Pearson International College students Emil Toft of Denmark and Astrid Berge of Norway got the forward positions for this particular journey in the school’s new 26-foot voyageur canoe

Paddling at Pearson: the crafting of a canoe

Contingent of international students combines to create a typically Canadian icon

In the fall of 2013, Mark Wheen, a physics and mathematics instructor at Pearson College UWC, took a group of students on a four-day canoe trip around Salt Spring Island.

By the end of the second day on the water, he began to see how valuable the experience was for them and how much they were enjoying it, and the gears started turning in his mind. They had rented a 26-foot voyageur canoe for the excursion, and he thought, “What if we had one of these at the school? Better yet, how cool would it be to build one of our own?”

He took some measurements of the vessel they were using, just in case he ever got the chance to do it.

Standing next to it now, glistening in the sunlight beside the water on the shore of Pedder Inlet, he beams at his students who put in the effort to bring the project to fruition, and the pride is evident on his face.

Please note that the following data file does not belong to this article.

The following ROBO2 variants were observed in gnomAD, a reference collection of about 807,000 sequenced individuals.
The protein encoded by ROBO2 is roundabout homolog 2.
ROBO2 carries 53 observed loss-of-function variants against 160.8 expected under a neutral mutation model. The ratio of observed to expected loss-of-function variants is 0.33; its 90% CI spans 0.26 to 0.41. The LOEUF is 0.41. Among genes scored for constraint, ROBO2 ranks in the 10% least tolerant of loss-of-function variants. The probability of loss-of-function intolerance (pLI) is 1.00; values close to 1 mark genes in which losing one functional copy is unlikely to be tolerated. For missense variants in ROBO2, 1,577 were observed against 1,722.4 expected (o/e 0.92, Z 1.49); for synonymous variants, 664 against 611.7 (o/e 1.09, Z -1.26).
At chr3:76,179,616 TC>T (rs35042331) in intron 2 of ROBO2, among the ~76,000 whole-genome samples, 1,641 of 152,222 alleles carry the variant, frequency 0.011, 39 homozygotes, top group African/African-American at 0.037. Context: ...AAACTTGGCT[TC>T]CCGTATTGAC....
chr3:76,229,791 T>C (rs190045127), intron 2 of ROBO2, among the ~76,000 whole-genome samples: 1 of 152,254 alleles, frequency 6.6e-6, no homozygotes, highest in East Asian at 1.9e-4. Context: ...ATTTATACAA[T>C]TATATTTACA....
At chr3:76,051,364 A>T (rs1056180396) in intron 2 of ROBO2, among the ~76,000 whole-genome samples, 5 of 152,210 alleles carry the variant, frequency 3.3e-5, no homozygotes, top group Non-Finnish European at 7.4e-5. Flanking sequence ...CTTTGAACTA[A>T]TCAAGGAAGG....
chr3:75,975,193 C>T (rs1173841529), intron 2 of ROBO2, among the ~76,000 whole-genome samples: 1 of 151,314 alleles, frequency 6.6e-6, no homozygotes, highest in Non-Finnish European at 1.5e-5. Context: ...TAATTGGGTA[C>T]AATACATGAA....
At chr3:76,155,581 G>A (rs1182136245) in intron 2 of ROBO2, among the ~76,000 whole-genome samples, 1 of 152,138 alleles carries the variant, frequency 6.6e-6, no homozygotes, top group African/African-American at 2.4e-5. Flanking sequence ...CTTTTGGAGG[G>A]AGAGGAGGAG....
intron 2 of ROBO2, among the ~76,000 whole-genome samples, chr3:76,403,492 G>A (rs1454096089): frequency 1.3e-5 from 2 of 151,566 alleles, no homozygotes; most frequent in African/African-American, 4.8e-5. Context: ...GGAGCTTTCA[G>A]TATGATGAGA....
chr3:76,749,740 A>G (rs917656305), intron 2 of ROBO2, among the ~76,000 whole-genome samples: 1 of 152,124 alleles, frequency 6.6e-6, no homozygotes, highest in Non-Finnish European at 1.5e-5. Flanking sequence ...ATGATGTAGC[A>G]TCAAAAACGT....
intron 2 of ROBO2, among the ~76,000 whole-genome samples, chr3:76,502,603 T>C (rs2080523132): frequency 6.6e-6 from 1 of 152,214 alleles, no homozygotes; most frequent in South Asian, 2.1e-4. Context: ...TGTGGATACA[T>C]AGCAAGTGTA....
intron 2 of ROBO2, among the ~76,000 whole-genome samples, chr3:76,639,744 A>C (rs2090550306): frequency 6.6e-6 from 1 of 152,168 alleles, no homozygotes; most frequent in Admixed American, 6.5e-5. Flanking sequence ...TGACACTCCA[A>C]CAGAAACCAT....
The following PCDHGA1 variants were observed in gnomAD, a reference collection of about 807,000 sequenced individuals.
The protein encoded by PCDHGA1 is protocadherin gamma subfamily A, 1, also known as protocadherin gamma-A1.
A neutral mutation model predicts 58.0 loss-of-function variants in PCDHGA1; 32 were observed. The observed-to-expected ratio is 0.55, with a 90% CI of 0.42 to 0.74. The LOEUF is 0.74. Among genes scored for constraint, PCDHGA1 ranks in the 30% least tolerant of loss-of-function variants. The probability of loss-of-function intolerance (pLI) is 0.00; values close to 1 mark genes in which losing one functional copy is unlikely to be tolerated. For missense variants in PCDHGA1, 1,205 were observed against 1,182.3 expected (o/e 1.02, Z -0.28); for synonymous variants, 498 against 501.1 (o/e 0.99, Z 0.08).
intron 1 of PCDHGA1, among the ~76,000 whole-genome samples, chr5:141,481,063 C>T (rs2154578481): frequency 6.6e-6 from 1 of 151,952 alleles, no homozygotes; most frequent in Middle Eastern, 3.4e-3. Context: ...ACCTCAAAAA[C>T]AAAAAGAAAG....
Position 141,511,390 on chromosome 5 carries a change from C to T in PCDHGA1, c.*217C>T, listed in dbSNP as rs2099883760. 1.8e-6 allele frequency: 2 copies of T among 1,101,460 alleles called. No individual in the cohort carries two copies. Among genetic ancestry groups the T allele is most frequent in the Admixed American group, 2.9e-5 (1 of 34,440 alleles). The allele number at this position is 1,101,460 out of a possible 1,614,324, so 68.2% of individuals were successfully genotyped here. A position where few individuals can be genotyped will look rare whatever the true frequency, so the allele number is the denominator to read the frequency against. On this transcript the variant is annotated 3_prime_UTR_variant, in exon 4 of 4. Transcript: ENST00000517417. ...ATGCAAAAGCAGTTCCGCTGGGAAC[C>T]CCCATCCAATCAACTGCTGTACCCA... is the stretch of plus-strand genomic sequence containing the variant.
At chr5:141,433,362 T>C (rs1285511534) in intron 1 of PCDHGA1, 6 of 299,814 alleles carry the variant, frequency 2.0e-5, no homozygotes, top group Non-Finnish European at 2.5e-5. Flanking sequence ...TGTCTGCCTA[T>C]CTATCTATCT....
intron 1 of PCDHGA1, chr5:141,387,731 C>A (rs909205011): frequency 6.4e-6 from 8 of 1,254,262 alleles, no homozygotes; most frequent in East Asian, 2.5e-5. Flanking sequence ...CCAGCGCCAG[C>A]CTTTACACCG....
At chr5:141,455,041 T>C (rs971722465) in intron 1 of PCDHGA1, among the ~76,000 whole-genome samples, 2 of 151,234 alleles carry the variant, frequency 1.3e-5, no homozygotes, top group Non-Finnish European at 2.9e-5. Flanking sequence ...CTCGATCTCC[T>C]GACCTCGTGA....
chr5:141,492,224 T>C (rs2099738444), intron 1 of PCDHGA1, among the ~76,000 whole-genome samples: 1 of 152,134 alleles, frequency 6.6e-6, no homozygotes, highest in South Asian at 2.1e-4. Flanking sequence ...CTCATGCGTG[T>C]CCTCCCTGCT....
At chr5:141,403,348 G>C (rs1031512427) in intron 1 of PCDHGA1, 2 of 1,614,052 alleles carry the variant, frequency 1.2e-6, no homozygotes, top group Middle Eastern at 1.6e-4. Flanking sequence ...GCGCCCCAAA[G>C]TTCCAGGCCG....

When the team began, they could only get a general idea of what it could become from other sources, because there just simply isn’t a lot of instructional material out there for building a vessel like this. While Wheen had the measurements from the canoe they’d rented the previous year and a few books and YouTube videos as resources, some of what they were going to do had to be calculated carefully and developed on their own.

“In terms of rigging the seats and scaling the boat itself, there were some unique problems to solve while building it, but that’s what made it fun,” Wheen says.

“Normally, when you build a canoe, it’s typically 16 or 17 feet long, and so the strips (of wood) you use are that long, but this is a 26-foot boat, so we’d have to glue two or three strips together first before we actually constructed the hull from those strips. There was a fair bit of preparation that went into the building before the actual building took place, that’s for sure.”

They also constructed it so that it could take a sail, which the instructor is looking forward to trying in the near future.

“It was fun,” says Janice Chen, a second-year Pearson student from Hong Kong. Having never worked with wood in any way before, she says, it was a bit intimidating having her first woodworking project of any kind be a 26-foot voyageur canoe. “It was difficult at first, but I think as we got the ball rolling it got a lot easier as we went along.”

When it came time for fibreglassing the boat, however, Chen took the lead, according to Wheen. Because she had previously done some patchwork on the school’s kayaks using fibreglass, she was the only one who had any experience with that –  including their instructor –  but this project was a whole different animal.

“I’d never done a full sheet of fibreglass that covered a whole boat,” Chen says. “It was very painstaking. It’s a very big boat and it’s a very long process.”